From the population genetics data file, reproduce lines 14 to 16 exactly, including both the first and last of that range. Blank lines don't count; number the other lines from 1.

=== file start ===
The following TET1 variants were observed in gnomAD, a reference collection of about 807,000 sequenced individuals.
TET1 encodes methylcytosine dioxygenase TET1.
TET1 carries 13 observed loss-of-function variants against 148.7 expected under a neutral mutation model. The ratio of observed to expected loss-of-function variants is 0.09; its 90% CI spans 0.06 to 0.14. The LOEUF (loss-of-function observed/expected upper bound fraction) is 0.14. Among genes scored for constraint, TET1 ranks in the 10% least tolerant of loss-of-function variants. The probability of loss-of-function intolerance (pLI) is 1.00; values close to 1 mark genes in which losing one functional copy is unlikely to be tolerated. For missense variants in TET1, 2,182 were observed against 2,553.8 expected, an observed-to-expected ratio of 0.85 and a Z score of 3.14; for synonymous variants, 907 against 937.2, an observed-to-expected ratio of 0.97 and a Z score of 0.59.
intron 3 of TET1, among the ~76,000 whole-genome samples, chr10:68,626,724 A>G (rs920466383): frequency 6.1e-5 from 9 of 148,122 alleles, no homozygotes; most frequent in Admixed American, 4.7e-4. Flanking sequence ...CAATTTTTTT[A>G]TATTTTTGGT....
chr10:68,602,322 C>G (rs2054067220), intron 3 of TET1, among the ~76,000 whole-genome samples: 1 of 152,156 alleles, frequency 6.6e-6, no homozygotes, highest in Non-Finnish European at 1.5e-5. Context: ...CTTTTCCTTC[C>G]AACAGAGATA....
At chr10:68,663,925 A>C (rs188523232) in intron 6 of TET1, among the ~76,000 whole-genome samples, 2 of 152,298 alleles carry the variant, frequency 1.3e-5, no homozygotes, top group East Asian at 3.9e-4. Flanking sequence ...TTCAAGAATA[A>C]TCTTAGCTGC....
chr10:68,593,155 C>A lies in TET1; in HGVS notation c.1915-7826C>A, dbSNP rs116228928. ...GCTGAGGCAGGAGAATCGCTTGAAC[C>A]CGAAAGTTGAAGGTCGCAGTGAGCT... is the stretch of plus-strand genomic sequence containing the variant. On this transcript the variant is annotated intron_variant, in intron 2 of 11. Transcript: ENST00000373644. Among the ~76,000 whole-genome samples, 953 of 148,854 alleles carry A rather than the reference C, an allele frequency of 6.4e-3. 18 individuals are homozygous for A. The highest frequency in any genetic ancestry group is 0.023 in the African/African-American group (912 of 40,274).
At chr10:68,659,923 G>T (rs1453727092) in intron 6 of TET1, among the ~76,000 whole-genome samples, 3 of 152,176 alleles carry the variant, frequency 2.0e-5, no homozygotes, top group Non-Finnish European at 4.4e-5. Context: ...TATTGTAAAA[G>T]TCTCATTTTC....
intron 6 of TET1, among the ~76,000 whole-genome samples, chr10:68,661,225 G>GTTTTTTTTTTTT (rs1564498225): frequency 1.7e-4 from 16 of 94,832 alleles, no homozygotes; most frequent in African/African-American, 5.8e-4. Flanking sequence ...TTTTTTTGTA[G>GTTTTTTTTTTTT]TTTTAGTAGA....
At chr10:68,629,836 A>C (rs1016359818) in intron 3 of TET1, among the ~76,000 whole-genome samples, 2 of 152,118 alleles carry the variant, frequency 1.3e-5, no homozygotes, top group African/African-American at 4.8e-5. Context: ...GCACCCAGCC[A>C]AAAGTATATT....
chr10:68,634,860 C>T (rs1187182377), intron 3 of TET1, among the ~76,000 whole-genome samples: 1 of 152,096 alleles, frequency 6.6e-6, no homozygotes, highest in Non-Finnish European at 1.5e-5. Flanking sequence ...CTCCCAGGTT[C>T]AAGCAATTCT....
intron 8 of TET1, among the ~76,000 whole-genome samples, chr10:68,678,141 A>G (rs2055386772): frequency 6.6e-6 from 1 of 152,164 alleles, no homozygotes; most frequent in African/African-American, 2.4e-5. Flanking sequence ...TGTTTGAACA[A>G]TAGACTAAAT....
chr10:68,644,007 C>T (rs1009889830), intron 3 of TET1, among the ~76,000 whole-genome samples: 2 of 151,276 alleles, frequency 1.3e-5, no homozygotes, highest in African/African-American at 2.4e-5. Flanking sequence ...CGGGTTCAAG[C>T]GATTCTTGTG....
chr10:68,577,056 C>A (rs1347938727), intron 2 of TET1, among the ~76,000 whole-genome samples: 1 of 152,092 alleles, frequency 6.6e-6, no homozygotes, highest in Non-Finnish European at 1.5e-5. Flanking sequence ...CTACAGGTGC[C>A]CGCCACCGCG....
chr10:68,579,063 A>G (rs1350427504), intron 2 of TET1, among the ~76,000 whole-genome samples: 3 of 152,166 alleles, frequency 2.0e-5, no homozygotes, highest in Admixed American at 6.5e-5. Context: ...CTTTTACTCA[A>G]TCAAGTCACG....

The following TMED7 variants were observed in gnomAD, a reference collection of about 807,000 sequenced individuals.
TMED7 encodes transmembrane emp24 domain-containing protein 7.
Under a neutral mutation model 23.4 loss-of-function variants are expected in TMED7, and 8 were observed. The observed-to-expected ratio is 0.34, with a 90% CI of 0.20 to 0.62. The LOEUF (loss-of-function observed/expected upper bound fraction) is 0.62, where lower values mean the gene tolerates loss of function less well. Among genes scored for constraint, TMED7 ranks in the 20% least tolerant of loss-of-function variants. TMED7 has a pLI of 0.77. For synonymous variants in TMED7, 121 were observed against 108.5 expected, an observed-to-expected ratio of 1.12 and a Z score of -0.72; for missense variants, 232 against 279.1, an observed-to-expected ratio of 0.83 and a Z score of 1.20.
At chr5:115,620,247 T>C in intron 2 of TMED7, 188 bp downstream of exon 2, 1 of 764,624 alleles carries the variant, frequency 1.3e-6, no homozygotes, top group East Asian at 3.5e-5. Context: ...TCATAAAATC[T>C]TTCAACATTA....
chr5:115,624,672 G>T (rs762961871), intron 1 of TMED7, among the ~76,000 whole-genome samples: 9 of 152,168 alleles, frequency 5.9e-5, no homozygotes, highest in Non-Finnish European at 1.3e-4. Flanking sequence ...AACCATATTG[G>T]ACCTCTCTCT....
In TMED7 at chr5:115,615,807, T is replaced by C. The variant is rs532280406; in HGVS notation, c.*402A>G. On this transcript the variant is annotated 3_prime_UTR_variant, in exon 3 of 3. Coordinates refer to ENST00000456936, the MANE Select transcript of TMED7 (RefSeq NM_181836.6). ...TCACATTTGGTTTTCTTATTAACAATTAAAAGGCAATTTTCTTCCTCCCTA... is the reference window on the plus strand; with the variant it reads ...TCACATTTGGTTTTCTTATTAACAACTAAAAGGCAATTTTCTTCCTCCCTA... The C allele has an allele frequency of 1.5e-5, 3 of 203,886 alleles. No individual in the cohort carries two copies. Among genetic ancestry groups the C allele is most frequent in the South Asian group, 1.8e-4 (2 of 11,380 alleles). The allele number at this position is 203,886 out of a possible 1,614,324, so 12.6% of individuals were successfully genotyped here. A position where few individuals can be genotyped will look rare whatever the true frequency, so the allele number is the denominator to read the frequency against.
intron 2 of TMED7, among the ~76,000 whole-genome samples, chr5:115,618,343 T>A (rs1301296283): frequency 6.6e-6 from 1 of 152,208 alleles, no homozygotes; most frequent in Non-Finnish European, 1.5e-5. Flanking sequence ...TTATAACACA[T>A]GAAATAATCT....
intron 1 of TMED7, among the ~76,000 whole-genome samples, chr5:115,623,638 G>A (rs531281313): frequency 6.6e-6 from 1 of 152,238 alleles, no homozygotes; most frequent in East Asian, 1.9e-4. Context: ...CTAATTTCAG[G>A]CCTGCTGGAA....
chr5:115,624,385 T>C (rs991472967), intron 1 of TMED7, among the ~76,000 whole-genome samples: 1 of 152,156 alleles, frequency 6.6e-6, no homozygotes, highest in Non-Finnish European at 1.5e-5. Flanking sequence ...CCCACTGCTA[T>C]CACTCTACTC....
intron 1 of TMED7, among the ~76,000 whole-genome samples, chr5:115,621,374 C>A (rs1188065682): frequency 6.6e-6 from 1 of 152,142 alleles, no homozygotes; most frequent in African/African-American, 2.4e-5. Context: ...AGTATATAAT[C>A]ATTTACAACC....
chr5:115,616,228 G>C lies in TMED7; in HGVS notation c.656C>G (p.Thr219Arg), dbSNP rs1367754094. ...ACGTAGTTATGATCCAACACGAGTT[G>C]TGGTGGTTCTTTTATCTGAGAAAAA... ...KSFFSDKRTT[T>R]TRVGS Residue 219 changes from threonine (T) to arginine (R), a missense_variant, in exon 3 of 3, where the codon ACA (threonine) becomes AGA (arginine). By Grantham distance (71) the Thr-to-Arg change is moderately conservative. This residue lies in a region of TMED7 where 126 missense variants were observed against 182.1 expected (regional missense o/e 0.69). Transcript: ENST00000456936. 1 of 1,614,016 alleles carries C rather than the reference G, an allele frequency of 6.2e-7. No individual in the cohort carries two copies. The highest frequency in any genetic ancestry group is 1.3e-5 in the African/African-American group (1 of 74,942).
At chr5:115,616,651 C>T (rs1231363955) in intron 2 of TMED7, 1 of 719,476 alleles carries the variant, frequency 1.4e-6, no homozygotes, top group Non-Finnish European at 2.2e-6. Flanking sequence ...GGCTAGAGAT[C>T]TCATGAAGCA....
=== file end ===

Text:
chr10:68,577,056 C>A (rs1347938727), intron 2 of TET1, among the ~76,000 whole-genome samples: 1 of 152,092 alleles, frequency 6.6e-6, no homozygotes, highest in Non-Finnish European at 1.5e-5. Flanking sequence ...CTACAGGTGC[C>A]CGCCACCGCG....
chr10:68,579,063 A>G (rs1350427504), intron 2 of TET1, among the ~76,000 whole-genome samples: 3 of 152,166 alleles, frequency 2.0e-5, no homozygotes, highest in Admixed American at 6.5e-5. Context: ...CTTTTACTCA[A>G]TCAAGTCACG....

The following TMED7 variants were observed in gnomAD, a reference collection of about 807,000 sequenced individuals.